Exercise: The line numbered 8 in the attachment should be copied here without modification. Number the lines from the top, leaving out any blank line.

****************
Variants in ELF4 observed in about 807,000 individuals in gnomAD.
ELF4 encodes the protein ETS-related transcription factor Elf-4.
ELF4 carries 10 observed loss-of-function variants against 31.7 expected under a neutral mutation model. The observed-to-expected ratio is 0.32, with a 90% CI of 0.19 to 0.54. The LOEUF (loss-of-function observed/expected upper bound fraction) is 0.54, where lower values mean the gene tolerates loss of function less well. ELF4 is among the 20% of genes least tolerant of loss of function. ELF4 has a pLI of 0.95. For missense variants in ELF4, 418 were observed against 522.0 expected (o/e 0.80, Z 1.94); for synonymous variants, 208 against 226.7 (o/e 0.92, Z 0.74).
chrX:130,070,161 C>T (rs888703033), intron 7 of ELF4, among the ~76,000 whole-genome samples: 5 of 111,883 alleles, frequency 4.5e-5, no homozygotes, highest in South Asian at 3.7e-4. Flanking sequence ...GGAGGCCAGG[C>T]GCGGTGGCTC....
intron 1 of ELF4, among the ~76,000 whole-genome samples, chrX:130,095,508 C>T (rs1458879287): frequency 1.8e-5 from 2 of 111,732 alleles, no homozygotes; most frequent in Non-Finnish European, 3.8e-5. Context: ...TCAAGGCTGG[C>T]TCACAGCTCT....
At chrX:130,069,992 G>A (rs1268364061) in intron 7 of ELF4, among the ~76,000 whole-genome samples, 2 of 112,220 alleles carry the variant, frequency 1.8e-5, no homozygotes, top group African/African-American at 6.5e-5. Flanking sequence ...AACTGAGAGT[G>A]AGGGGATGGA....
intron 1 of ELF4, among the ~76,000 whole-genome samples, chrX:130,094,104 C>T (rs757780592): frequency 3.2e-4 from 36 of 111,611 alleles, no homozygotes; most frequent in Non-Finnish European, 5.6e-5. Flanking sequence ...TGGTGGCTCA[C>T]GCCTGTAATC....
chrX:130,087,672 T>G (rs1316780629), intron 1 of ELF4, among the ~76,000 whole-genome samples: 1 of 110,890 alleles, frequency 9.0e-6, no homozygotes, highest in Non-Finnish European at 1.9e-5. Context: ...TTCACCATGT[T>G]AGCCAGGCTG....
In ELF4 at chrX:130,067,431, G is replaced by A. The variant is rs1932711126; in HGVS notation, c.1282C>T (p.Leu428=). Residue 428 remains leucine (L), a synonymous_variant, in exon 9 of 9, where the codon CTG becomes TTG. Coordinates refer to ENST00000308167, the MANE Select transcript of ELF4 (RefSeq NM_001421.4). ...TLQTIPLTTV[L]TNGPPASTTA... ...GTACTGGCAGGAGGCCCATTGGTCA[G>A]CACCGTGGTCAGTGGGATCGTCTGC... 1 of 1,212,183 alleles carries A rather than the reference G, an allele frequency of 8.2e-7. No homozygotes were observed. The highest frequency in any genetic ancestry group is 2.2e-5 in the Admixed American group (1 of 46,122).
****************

chrX:130,087,672 T>G (rs1316780629), intron 1 of ELF4, among the ~76,000 whole-genome samples: 1 of 110,890 alleles, frequency 9.0e-6, no homozygotes, highest in Non-Finnish European at 1.9e-5. Context: ...TTCACCATGT[T>G]AGCCAGGCTG....